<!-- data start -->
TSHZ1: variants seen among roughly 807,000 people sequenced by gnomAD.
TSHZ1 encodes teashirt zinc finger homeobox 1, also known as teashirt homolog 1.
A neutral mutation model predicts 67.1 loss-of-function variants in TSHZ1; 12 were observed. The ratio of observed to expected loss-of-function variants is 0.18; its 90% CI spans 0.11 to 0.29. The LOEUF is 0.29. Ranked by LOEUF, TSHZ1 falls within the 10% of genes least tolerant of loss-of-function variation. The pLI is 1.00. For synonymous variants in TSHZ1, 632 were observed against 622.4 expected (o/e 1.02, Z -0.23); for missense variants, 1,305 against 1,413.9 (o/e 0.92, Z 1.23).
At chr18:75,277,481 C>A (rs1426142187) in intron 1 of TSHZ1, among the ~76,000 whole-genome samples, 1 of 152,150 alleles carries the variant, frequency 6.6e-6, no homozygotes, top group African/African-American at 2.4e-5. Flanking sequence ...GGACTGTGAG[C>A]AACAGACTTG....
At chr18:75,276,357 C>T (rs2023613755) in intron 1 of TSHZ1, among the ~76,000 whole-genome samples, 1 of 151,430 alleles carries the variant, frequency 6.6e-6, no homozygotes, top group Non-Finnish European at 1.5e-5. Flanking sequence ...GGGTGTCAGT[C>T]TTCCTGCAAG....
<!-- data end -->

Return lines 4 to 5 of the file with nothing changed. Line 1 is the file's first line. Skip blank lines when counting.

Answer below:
At chr18:75,277,481 C>A (rs1426142187) in intron 1 of TSHZ1, among the ~76,000 whole-genome samples, 1 of 152,150 alleles carries the variant, frequency 6.6e-6, no homozygotes, top group African/African-American at 2.4e-5. Flanking sequence ...GGACTGTGAG[C>A]AACAGACTTG....
At chr18:75,276,357 C>T (rs2023613755) in intron 1 of TSHZ1, among the ~76,000 whole-genome samples, 1 of 151,430 alleles carries the variant, frequency 6.6e-6, no homozygotes, top group Non-Finnish European at 1.5e-5. Flanking sequence ...GGGTGTCAGT[C>T]TTCCTGCAAG....